EAC plans for fertilisers plant

East African Community (EAC) Heads of State are planning to start manufacturing fertilisers to boost soil fertility and food production in the region.

East African Community (EAC) Heads of State are planning to start manufacturing fertilisers to boost soil fertility and food production in the region.

Addressing journalist shortly after the 9th EAC heads of State Summit in Kigali, Ambassador, Juma Mwapachu, the Secretary General of the East African community said the Heads of State expressed serious concern about the food crisis. They discussed possibilities of setting up a fertiliser factory.

The region has phosphates in Uganda and Tanzania which are necessary for fertiliser manufacturing.

If built, the investment would help member states to cut fertilisers import costs and increase farmers’ access to them.

Rwanda alone imports fertilisers worth $20 million annually while Kenya’s fertilser import bill this year was increased from Sh4 billion to Sh12 billion.

In recent years some parts of the region have experienced declining agriculture productivity.

“Low productivity in the food sector has been exacerbated by high prices of fertilisers, pesticides and low yielding food varieties,” a joint communique issued by the Heads of State on the current global food crisis reads in part.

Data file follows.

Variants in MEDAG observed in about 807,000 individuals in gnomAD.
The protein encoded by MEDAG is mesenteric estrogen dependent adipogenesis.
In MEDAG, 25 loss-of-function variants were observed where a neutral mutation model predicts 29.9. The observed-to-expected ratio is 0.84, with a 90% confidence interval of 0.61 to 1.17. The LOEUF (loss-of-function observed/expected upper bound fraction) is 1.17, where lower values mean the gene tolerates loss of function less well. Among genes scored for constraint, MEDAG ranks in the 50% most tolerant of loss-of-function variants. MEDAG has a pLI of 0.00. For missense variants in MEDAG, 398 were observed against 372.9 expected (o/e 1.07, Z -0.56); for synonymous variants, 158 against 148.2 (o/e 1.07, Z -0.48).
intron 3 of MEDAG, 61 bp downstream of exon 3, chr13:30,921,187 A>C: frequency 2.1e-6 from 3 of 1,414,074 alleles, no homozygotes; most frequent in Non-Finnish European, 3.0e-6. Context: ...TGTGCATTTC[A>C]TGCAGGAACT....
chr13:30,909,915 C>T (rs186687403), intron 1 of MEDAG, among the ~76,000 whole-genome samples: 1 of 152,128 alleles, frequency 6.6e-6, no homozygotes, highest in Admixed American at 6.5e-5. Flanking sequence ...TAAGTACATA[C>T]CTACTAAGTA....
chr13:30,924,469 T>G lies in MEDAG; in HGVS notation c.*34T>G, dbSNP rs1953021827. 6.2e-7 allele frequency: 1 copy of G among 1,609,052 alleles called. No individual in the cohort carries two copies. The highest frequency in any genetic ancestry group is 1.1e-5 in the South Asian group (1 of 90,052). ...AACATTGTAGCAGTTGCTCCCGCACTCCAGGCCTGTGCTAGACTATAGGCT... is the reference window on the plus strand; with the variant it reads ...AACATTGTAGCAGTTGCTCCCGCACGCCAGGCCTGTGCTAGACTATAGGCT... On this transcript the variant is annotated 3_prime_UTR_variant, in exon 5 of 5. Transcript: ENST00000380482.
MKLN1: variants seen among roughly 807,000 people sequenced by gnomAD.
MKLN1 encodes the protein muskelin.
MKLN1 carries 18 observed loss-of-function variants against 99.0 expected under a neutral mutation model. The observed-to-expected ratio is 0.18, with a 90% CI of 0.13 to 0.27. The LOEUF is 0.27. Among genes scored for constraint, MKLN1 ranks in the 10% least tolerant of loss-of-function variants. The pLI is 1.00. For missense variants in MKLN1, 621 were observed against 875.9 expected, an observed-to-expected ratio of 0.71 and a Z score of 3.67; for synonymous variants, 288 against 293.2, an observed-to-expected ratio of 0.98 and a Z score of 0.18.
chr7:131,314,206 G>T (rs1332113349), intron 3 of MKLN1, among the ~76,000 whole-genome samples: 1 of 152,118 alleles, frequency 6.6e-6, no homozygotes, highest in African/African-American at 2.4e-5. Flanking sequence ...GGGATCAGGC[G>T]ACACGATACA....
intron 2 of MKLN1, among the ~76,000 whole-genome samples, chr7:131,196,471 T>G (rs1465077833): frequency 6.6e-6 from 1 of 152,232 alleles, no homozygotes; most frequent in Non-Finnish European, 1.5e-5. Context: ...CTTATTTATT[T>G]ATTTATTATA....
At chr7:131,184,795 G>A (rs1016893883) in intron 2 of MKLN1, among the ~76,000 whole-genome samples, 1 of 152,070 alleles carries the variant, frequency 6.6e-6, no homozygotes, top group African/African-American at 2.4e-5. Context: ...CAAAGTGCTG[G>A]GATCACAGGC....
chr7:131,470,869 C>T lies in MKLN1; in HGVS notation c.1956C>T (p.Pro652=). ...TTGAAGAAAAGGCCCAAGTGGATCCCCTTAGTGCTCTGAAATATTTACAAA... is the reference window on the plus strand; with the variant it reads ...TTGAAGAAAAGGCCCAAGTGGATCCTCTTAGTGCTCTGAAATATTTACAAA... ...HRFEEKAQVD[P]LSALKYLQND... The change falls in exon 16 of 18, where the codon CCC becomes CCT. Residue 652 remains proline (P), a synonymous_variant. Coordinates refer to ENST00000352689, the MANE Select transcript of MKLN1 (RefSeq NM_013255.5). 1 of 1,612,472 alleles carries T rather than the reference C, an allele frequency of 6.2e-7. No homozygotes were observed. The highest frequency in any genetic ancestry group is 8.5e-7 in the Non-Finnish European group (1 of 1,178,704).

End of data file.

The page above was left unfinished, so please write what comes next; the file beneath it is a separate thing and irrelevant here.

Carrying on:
The cause has also been attributed to bad weather vagaries, high energy prices, and inefficient transportation system.

The Heads of State also partly blamed the problem on the heavy subsidies given to European and United States farmers. They say they undermine the incentives for African farmers to boost agriculture production.

“The main producers of food crops, mainly the small scale farmers, have not been sufficiently empowered to produce at optimal levels,” the communiqué says.

EAC member states could fully utilise their resourceful nations to realise their full potentials in agriculture.
They directed the EAC Secretariat to liaise with the Food and Agriculture Organisation, African Union as well as the NEPAD Food Security Programmes to develop a comprehensive policy response to the this food crisis and urgently recommend concrete measures to be taken with the regional and to boost agriculture production.

According to the Heads of States, there is need to seriously address the problem of low productivity of foodstuffs by effecting robust interventions in areas of policy, technology, capital and supportive infrastructure to boost agriculture development.

This comes at a time when the African Development Bank (ADB) plans to allocate $4.8 billion from 2008 to 2010 for boosting agricultural development in Africa.

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